The Car Culture in the US

The Car Culture in the US
Published on December 23, 2021

Despite the car initially being built in 1885 in Germany, American manufacturers completely dominated the automotive industry of the mid-twentieth century. Applaud be to Henry Ford, who established the first conveyor assembly line for his Model T on December 1, 1913. This creation reduced the production time of one vehicle from 12 hours to an hour and 33 minutes, making it a lot cheaper. Ford’s goal was to make automobiles accessible to everyone, and he achieved it. Nowadays, around 91% of American households own at least one car. 


Before vehicles became widely available, people who lived in the city worked in the city, while most of those who settled in the country were farmers. Now that it was possible to travel vast distances in a short amount of time, the thought of dwelling away from the bustling downtown while still being able to work there looked tempting. After World War II, many soldiers received an opportunity to live on their property in a single-family home, resulting in a baby boom and a surge in demand for tract houses. Seventy-seven million children had been born by the end of 1964. At that time, the suburbs were booming, with over a third of the population residing there. 

The American Road Trip

Cars turned into a symbol of personal freedom and independence, allowing us to travel throughout the nation at will. For many families, the famous American road trip is a ritual. The destination itself, often overlooked, holds little value, as that feeling of liberty and the ability to travel to any desired location in the country alongside your family and friends is what brings immense joy. The complex infrastructure designed around your car makes this activity even better.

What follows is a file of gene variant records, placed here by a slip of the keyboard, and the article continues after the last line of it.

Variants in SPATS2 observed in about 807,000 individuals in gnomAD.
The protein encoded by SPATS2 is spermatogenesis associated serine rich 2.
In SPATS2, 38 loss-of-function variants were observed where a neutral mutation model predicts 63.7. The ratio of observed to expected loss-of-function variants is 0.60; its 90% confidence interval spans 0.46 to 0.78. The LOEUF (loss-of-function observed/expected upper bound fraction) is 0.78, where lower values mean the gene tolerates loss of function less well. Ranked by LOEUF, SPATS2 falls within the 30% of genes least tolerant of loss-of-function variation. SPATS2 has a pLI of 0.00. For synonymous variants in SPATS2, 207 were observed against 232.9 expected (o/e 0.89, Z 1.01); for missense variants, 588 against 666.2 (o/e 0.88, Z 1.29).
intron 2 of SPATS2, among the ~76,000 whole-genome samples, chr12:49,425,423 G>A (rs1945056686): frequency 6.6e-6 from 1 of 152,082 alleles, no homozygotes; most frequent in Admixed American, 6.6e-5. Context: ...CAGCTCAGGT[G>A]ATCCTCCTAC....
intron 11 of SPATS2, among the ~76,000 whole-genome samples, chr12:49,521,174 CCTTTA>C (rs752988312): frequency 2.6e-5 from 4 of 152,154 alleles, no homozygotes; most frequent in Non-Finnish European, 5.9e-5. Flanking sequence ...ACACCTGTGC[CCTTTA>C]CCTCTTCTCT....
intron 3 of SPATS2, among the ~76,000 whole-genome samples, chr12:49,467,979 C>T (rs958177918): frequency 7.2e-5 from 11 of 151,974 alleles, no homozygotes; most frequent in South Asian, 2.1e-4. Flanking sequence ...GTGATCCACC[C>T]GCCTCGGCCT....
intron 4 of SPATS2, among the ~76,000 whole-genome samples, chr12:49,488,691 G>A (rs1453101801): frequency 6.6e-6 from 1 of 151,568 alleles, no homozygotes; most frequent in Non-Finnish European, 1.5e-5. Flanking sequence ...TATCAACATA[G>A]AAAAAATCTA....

New Business Categories

Many new businesses started along with the development of automobiles. Getting hungry in the middle of the trip stopped being a problem. Just hit the local drive-in or drive-thru where carhops, sometimes on roller skates, will take care of the food orders, letting you stay inside the car. After everyone is full and satisfied, the desire to watch a good movie kicks in. So, our next destination is the drive-in theater. This gigantic outdoor screen with a parking area next to it was popular in the 1950s, romanticized by TV series such as Happy DaysAmerican Graffiti, and Grease. Once again, there was no need to leave the vehicle unless you wanted to get some snacks from the concession stand. On the way home, let’s stop at a mall for some shopping. It is convenient to have many different stores gathered for us in one place. However, the distance from the downtown is reasonable. That is why we have cars; otherwise, such shopping centers wouldn’t exist. 

Hot Rodding, Drag Racing, and NASCAR

Coming back home from a heartwarming, peaceful family trip, it feels like there is a need for something more out of your car. What if it could go faster? Solely add an enormous engine and get a fancy paint job, turning it into a hot rod. Hot rodding and drag racing are motorsports that gained popularity in the 1950s and remain relevant. Another is NASCAR, where racers compete on slightly tilted speedways using stock cars. It is, by the way, the second most spectated sport in the USA behind the NFL (National Football League).

We could write a book on the tremendous impact cars made on American culture and society. However, a piece of paper could never fully convey all the experiences, as every automobile becomes unique in our hands. At Tempus Logix, we offer auto transportation across the nation, no matter if it is a hot rod, a family van, or a tractor: so that your motor vehicle can always stay by your side.

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